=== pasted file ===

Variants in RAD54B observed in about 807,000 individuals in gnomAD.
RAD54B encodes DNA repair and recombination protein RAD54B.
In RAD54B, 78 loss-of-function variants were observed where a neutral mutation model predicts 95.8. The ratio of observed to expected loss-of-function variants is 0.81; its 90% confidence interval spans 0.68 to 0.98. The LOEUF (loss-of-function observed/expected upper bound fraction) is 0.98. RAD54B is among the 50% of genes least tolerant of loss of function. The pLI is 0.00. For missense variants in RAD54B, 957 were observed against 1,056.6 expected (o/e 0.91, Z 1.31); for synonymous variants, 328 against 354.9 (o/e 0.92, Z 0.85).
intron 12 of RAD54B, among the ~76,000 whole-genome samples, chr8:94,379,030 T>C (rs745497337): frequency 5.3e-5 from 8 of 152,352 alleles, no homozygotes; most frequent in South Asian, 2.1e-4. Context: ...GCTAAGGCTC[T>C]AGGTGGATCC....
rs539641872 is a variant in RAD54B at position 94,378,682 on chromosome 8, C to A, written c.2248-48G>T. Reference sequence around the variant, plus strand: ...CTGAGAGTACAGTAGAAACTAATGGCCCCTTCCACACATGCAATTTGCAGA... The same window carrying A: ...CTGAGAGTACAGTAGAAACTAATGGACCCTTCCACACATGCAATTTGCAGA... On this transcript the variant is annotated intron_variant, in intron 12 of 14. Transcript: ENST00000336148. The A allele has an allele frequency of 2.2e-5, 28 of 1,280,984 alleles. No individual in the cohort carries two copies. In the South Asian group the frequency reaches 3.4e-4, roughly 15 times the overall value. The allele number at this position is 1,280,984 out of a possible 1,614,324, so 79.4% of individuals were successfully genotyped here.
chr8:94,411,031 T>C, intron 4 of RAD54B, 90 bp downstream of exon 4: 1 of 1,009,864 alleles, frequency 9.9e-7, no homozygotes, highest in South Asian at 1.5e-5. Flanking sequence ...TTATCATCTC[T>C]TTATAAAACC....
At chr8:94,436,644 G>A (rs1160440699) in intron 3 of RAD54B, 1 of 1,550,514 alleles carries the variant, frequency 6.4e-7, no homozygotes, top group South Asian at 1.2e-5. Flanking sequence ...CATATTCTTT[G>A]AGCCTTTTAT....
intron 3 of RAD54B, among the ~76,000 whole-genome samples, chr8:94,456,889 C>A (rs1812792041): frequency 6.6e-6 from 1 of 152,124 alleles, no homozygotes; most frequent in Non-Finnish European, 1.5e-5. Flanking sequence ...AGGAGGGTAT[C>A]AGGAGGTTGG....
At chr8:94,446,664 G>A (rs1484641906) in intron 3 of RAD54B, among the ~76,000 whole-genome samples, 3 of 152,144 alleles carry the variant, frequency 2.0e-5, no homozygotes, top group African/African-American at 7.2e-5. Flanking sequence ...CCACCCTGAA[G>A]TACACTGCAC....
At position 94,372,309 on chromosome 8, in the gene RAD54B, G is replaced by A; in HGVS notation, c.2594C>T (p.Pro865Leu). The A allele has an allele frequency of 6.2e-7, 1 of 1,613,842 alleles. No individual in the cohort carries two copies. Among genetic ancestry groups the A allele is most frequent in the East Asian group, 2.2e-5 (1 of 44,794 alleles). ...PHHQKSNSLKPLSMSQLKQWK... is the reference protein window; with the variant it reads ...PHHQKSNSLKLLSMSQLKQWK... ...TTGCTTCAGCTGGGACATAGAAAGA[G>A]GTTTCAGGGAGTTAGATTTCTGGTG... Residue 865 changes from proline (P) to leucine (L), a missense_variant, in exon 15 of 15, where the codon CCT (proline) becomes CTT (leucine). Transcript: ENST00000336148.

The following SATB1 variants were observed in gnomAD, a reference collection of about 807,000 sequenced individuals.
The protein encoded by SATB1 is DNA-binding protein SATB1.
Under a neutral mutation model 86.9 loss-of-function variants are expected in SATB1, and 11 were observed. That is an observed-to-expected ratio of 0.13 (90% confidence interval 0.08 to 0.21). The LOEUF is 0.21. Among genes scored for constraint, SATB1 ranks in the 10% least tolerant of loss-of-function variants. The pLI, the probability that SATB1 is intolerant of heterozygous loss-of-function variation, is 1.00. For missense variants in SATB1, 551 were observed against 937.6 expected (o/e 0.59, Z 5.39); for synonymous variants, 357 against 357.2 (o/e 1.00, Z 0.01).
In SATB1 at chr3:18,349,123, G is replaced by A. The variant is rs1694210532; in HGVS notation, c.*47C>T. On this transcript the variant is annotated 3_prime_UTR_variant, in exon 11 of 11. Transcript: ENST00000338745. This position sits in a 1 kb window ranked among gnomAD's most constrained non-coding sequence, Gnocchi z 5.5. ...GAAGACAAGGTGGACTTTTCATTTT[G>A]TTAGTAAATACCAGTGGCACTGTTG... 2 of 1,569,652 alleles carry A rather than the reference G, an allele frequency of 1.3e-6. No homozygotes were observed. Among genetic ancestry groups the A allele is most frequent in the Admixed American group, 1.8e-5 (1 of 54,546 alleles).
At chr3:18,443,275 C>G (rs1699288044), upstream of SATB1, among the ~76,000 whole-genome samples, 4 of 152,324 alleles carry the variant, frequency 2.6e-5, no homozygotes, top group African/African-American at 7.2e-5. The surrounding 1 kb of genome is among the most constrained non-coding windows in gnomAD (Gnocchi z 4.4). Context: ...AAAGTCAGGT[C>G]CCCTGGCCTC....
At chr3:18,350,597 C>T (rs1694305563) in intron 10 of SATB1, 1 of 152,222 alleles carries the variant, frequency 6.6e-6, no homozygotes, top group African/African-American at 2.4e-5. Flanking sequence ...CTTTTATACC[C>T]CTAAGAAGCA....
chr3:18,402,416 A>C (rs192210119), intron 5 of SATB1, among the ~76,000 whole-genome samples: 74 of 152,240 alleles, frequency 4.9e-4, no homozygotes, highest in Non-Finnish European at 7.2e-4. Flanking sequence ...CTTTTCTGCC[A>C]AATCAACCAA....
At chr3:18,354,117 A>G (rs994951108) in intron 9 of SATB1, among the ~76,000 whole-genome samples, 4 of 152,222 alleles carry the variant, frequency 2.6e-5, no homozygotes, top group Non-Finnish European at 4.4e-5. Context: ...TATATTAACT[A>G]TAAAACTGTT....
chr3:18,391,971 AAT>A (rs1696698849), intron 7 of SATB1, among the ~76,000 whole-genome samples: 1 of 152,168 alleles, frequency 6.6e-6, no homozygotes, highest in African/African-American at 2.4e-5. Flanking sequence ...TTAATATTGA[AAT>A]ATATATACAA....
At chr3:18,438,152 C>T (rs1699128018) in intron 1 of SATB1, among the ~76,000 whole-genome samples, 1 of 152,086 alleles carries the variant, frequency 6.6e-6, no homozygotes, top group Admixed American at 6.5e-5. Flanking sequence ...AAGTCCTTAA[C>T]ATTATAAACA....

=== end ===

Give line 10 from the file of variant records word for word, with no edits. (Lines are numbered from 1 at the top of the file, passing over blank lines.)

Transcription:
At position 94,372,309 on chromosome 8, in the gene RAD54B, G is replaced by A; in HGVS notation, c.2594C>T (p.Pro865Leu). The A allele has an allele frequency of 6.2e-7, 1 of 1,613,842 alleles. No individual in the cohort carries two copies. Among genetic ancestry groups the A allele is most frequent in the East Asian group, 2.2e-5 (1 of 44,794 alleles). ...PHHQKSNSLKPLSMSQLKQWK... is the reference protein window; with the variant it reads ...PHHQKSNSLKLLSMSQLKQWK... ...TTGCTTCAGCTGGGACATAGAAAGA[G>A]GTTTCAGGGAGTTAGATTTCTGGTG... Residue 865 changes from proline (P) to leucine (L), a missense_variant, in exon 15 of 15, where the codon CCT (proline) becomes CTT (leucine). Transcript: ENST00000336148.